identical? No! That will never happen because people stay. These are quite different things. Authentic cultures will stay anyway. There is another danger. For example, there are 20 million pianists in China and all of them play only a narrow part of the classical piano repertoire. This is an extraordinarily ridiculous situation, it means that the piano is already more popular than folk instruments. But the problem is not that everything keeps changing with time. We do not know and we cannot find out HOW music was performed even one hundred years ago. Aesthetics changes but it does not develop with time (I never use the word "development"). I certainly have some ideal of non-development. That is, to PREVENT art from developing. In my opinion, the most valuable thing has already been achieved; all cultures have already achieved this. European culture has already had its culmination and it seems to me that this high point should have been retained. To some extent you must be happy in Russia as in my opinion the Orthodox Church preserves this, with great difficulty though. It is not eager to interfere in western development of culture. It somehow stands aside.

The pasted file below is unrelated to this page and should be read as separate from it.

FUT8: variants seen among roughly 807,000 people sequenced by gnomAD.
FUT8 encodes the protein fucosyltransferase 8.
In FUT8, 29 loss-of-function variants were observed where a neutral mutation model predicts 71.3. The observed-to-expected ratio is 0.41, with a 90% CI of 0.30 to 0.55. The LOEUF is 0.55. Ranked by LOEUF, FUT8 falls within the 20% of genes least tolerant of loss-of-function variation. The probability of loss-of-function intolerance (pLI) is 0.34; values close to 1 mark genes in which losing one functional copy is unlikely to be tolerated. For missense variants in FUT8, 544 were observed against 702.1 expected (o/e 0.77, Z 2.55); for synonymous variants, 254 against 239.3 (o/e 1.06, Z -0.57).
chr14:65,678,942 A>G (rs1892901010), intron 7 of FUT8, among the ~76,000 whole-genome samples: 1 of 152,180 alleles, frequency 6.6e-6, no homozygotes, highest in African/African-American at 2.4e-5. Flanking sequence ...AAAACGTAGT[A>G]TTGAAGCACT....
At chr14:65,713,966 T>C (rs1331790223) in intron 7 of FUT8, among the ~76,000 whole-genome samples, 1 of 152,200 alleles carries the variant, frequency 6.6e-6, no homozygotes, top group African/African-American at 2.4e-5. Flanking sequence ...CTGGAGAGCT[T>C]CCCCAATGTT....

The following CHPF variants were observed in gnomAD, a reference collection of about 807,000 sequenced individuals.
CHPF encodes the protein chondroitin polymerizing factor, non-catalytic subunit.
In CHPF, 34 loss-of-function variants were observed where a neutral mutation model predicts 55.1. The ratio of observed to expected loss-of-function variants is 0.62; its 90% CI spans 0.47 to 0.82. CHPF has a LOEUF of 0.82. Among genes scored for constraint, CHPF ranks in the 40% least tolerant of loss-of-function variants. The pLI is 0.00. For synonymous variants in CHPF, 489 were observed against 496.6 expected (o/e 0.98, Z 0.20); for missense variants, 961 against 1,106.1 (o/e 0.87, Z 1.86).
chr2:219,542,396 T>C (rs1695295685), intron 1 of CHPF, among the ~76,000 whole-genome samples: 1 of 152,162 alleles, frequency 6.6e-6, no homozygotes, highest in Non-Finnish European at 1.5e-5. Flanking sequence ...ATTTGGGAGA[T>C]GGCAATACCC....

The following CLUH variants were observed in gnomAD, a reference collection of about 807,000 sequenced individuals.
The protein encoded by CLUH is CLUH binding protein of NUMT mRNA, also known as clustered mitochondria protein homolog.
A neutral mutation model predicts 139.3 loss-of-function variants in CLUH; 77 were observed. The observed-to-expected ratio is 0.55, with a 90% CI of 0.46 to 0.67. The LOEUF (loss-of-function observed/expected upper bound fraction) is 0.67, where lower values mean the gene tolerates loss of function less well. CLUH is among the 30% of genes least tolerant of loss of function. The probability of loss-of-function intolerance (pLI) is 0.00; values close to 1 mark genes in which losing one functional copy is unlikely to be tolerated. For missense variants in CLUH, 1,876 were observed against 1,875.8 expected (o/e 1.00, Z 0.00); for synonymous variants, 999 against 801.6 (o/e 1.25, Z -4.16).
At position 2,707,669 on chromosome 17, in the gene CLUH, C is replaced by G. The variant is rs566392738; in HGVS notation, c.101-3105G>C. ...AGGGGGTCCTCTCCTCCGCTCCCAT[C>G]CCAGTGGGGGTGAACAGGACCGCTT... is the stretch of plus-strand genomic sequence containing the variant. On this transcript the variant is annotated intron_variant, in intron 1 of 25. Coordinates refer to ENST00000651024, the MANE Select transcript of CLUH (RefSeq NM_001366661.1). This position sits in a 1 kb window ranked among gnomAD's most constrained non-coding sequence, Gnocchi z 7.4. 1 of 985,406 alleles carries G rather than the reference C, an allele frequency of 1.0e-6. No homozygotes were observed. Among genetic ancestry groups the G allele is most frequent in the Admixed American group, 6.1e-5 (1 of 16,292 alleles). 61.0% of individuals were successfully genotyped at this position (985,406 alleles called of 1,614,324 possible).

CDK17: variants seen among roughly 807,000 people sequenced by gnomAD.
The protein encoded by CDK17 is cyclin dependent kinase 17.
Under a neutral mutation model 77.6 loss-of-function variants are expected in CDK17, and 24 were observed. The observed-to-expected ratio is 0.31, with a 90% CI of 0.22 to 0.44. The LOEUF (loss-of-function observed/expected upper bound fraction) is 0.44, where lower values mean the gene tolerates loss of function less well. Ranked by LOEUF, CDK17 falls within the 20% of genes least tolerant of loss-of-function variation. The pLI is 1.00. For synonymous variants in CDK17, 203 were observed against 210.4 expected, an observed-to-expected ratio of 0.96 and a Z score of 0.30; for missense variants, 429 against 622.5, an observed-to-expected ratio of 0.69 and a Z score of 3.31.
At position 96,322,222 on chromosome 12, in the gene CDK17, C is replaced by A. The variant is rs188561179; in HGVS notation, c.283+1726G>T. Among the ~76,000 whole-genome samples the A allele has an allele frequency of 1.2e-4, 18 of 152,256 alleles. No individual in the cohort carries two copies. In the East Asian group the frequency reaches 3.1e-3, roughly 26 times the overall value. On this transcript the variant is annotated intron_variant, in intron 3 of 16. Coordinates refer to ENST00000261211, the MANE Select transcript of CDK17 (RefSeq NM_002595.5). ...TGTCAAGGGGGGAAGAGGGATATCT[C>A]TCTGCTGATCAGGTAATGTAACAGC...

Falling back on music, we see that musical education starts from what students are given at the conservatory. But there all students play in the same way, unfortunately, there is no individualism in performance. There is just the pursuit of some abstract quality, i.e. we suppose IT to be quality. Of course, it is impossible for somebody simply to come and play differently just in order not to play like everybody does. This is pointless. Therefore, the performing art must be at a very high level. But if it goes together with individualism and some thinking and spirituality, then we will start talking about something serious

VSh
        Andres, now about another interesting sphere of the ensemble's activity, I mean cooperation with the living composers, performance of contemporary music. As far as I know, a lot of interesting musical compositions have been dedicated to your ensemble, including those for old musical instruments. Arvo Pyart is known to be one of the "spiritual parents" of "Hortus Musicus". Pyart was one of those Estonian "sixtiers" who "were afire" with early music, who discovered their individual style fully based on tradition and who, nevertheless, created their unique musical language. I think this is partly the due of your ensemble.


        It is right to some extent because he heard, saw us "learning to ride a bicycle, a tricycle". By the way, Pyart has a very large library of sheet music. We have got a lot of printed music from him: Jasquin Despres, Machaut Of course, they were his teachers but with "Hortus" he heard alive how everything sounds because playing the piano is one thing, but the way it really sounds, furthermore with the instruments that are more or less authentic, is quite another one.